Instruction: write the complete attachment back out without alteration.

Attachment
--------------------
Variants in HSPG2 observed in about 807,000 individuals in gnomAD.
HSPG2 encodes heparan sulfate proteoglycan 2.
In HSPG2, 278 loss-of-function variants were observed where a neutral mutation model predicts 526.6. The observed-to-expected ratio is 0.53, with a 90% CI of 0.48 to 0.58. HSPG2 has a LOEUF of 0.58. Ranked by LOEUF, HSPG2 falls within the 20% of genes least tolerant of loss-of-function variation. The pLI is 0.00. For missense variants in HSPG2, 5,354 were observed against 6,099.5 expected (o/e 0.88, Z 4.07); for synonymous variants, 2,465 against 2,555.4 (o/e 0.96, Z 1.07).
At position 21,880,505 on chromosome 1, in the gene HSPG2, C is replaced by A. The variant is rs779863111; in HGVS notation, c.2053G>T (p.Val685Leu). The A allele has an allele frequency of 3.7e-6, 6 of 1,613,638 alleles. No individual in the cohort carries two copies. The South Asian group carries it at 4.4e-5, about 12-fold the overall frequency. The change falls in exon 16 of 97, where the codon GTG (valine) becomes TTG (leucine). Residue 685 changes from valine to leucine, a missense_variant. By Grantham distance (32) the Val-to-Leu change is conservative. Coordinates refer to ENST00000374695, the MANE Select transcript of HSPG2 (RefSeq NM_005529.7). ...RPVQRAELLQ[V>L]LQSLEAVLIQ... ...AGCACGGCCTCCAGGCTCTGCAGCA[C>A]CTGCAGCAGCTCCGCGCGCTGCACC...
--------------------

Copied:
Variants in HSPG2 observed in about 807,000 individuals in gnomAD.
HSPG2 encodes heparan sulfate proteoglycan 2.
In HSPG2, 278 loss-of-function variants were observed where a neutral mutation model predicts 526.6. The observed-to-expected ratio is 0.53, with a 90% CI of 0.48 to 0.58. HSPG2 has a LOEUF of 0.58. Ranked by LOEUF, HSPG2 falls within the 20% of genes least tolerant of loss-of-function variation. The pLI is 0.00. For missense variants in HSPG2, 5,354 were observed against 6,099.5 expected (o/e 0.88, Z 4.07); for synonymous variants, 2,465 against 2,555.4 (o/e 0.96, Z 1.07).
At position 21,880,505 on chromosome 1, in the gene HSPG2, C is replaced by A. The variant is rs779863111; in HGVS notation, c.2053G>T (p.Val685Leu). The A allele has an allele frequency of 3.7e-6, 6 of 1,613,638 alleles. No individual in the cohort carries two copies. The South Asian group carries it at 4.4e-5, about 12-fold the overall frequency. The change falls in exon 16 of 97, where the codon GTG (valine) becomes TTG (leucine). Residue 685 changes from valine to leucine, a missense_variant. By Grantham distance (32) the Val-to-Leu change is conservative. Coordinates refer to ENST00000374695, the MANE Select transcript of HSPG2 (RefSeq NM_005529.7). ...RPVQRAELLQ[V>L]LQSLEAVLIQ... ...AGCACGGCCTCCAGGCTCTGCAGCA[C>A]CTGCAGCAGCTCCGCGCGCTGCACC...